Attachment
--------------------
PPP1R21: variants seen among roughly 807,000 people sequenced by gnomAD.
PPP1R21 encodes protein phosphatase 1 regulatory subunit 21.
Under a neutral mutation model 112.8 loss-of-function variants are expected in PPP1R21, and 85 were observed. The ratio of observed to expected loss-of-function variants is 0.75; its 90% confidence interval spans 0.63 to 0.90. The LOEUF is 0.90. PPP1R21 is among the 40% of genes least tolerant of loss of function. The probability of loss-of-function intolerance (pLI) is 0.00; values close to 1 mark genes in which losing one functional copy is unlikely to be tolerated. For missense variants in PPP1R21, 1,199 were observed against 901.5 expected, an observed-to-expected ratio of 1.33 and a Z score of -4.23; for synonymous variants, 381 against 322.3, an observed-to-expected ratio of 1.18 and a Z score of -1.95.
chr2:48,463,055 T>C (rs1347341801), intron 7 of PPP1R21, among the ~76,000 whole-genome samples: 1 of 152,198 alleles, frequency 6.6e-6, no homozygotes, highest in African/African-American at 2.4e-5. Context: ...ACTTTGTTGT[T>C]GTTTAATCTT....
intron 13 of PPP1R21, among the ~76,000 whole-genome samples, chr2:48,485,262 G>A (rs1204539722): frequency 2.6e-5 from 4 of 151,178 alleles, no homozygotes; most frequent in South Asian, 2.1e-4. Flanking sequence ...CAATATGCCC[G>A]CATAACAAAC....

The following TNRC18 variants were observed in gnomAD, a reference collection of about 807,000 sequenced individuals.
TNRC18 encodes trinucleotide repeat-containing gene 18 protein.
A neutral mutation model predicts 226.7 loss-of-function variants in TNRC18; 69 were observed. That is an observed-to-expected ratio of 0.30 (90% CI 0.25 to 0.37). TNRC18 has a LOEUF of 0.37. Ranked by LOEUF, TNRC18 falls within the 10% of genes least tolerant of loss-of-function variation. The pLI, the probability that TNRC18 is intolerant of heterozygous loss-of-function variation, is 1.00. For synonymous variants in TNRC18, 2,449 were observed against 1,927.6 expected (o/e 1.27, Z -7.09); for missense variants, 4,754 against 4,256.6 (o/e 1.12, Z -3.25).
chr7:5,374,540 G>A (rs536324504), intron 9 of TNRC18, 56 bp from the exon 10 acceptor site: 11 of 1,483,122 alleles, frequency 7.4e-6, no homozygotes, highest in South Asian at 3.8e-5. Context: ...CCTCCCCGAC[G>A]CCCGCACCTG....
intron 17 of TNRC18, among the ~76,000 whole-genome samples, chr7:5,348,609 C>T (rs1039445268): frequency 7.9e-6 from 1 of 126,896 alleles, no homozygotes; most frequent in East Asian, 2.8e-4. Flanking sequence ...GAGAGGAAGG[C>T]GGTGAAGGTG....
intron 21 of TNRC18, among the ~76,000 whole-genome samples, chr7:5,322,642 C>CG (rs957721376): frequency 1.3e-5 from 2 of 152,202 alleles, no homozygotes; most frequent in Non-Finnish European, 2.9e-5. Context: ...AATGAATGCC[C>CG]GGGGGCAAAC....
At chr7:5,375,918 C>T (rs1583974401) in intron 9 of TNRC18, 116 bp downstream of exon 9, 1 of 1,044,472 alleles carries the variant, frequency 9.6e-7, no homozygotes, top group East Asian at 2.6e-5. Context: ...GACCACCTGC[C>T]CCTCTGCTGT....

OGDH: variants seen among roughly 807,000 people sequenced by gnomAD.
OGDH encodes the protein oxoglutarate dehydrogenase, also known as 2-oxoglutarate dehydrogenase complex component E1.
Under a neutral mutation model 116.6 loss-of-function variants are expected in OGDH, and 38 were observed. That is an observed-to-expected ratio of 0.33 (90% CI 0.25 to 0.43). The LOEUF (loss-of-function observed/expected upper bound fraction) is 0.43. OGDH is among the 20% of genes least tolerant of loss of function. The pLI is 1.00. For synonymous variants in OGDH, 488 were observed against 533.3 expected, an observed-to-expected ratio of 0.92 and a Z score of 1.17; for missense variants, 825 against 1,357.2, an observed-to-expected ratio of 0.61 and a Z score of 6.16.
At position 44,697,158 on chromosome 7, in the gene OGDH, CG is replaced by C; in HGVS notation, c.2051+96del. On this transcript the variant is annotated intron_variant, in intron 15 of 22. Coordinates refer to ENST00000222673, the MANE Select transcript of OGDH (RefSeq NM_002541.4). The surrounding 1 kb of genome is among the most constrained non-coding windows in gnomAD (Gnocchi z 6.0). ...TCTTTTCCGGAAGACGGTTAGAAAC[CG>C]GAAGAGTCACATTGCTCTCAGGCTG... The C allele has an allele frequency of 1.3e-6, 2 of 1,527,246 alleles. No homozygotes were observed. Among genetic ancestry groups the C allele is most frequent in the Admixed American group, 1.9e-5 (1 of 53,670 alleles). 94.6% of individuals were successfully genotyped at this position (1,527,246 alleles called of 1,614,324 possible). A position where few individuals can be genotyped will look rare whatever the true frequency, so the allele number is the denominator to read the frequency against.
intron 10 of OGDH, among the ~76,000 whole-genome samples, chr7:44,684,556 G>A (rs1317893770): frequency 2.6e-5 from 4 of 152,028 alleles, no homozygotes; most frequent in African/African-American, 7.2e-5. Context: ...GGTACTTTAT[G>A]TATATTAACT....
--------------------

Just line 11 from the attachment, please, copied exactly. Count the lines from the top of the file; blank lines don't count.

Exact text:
intron 21 of TNRC18, among the ~76,000 whole-genome samples, chr7:5,322,642 C>CG (rs957721376): frequency 1.3e-5 from 2 of 152,202 alleles, no homozygotes; most frequent in Non-Finnish European, 2.9e-5. Context: ...AATGAATGCC[C>CG]GGGGGCAAAC....